Real vs. Feel – Why getting better can be difficult

One of the hardest parts about learning the game of golf is that information has always been relayed based upon personal experience of either a professional player or coach.  In this latest series of articles, we will begin discussing different ways that modern golf instruction has been able to utilize technology to determine the difference between what is real and what it feels like.

 

Real vs. Feel #1 – Pressure

 

The first idea that can be the most eye opening with students when they come to see me is the idea of pressure (some might call it weight shift/balance).  The idea of weight shift is a very interesting idea because if you noticed in the series of articles I wrote, The Real Fundamentals, one of the first things a golfer must be able to control is the low point of the golf swing.  One of the key components to be able to do this is understanding how your feet pressure the ground during key elements of the golf swing.  It also used to be one of the most difficult ideas to communicate and see visually as a coach.  In the past few years though, the introduction of technology into golf coaching has made one of the toughest feels to see, one of the easiest and most impactful changes a student to make with some help.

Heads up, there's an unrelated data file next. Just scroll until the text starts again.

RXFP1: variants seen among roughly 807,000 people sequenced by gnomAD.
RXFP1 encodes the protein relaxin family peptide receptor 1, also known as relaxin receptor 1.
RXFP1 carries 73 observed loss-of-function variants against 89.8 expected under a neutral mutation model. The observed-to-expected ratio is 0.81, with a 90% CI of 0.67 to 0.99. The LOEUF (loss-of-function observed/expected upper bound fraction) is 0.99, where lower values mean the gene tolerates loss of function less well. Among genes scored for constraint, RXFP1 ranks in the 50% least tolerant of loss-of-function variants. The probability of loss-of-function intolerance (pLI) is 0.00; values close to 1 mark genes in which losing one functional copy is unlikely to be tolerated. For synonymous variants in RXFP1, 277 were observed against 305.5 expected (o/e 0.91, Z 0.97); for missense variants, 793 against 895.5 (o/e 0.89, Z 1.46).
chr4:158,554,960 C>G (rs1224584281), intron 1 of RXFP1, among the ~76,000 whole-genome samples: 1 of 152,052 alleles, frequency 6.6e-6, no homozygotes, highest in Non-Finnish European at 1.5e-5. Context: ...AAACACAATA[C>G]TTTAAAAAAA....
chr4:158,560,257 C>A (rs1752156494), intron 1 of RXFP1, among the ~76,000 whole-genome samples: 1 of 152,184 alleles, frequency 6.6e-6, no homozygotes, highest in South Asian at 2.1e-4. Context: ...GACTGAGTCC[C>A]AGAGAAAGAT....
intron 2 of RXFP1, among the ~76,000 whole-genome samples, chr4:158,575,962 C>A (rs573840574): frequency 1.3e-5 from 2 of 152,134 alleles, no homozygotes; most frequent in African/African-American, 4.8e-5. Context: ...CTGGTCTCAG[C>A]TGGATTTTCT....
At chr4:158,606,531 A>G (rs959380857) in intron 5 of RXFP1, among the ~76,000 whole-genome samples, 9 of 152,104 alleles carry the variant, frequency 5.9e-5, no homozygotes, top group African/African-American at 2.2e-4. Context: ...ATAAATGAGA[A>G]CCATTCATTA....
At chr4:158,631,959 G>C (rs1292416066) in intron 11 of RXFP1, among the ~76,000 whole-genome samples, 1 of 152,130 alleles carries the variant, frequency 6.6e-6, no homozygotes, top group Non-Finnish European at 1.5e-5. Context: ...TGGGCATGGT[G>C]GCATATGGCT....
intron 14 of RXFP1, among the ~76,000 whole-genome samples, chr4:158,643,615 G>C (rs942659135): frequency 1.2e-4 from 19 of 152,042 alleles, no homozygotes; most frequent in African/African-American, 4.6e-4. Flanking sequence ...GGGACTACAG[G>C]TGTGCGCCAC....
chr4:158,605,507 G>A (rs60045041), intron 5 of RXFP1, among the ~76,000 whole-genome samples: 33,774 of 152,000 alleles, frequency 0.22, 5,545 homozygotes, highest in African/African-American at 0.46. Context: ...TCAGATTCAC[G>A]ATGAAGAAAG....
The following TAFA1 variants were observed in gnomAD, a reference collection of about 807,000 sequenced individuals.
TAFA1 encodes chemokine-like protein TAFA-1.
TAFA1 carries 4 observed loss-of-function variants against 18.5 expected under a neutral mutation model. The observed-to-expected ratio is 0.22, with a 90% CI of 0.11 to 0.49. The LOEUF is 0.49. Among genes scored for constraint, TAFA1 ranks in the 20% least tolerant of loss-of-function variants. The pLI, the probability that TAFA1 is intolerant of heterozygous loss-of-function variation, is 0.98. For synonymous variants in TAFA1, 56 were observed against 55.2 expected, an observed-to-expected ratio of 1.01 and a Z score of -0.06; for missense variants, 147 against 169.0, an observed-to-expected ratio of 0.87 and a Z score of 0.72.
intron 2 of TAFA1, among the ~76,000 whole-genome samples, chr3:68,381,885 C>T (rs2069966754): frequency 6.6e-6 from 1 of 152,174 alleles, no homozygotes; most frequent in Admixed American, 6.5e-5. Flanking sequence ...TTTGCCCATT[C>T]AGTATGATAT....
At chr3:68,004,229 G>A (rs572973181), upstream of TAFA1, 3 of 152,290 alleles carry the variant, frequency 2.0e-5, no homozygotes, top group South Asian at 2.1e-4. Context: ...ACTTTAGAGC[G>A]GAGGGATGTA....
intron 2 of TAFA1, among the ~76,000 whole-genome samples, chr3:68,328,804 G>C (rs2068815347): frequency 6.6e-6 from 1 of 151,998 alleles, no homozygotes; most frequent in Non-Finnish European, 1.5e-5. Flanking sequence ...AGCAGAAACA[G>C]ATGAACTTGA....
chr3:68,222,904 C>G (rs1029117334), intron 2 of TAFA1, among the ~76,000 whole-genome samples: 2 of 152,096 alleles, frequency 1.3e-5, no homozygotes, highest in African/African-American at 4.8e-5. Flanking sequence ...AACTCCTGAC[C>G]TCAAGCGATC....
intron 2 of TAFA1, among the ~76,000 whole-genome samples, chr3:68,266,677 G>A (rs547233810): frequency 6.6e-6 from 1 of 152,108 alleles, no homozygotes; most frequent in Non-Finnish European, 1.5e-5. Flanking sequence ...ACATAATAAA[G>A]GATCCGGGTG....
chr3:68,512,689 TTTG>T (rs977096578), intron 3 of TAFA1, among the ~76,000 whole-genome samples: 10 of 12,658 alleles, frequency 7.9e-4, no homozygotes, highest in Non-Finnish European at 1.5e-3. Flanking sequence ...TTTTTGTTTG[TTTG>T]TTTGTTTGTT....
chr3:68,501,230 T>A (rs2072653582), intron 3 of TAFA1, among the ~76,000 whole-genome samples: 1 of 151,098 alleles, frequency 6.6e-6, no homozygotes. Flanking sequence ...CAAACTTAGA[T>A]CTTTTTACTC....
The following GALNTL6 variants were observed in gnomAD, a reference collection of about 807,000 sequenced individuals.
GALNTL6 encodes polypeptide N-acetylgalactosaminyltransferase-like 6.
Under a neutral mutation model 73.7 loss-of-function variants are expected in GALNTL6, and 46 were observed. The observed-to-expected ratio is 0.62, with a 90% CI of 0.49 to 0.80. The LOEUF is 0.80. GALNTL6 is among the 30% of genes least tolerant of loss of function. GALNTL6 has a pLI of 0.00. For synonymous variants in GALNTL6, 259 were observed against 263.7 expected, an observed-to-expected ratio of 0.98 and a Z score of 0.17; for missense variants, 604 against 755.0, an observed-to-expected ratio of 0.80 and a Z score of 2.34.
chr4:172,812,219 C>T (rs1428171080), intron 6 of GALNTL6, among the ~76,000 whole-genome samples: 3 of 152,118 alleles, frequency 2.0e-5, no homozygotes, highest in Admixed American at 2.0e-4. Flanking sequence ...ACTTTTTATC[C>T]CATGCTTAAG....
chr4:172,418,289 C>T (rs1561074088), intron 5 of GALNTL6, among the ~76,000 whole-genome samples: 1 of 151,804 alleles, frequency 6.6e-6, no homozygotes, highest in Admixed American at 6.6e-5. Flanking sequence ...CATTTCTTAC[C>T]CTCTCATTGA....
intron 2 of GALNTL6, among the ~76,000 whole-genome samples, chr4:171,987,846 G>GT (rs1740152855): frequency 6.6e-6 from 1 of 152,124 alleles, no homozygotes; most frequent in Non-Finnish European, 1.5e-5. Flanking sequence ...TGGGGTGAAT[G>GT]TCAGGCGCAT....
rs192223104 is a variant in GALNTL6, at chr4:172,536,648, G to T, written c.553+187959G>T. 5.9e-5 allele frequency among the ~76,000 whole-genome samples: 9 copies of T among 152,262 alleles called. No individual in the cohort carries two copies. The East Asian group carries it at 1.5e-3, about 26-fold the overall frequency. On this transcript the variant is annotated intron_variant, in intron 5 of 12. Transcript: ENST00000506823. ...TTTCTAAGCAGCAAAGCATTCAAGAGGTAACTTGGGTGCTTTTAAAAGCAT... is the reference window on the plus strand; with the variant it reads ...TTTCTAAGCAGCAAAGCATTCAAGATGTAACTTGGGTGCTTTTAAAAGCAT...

In this example, we will show you a student who was struggling with contact on his chipping.  The student is a single digit handicap and plays collegiately. When he missed chips, he tended to hit the on the heavy side and if he was in thick rough, he would catch a lot of grass between the club face and the ball.

The first picture represents the initial impact position in the swing and it shows that at impact, the player had 52 percent of his pressure on the lead foot.  This player when asked about what he was trying to achieve throughout the stroke.  His feel was that he wanted majority of his weight on his lead foot at address and impact which he felt he was doing.  When we measured and got the real data of what was happening, we could see that he was lacking to acheieve his feeling.

After a few practice shots working to feel the pressure on the lead foot, we then got another capture and produced this:

This picture is just post impact where we now have 91 percent on the lead foot.  What occurred here was much crisper contact and closer proximity to the hole including 2 chip ins out of 6 shots.  The player was able to now understand what they were trying to “feel” and combine it with what he really “wanted” to achieve in his swing.  All done through the power of measurement and using technology to make the learning curve faster and less painful.

Scott HoganComment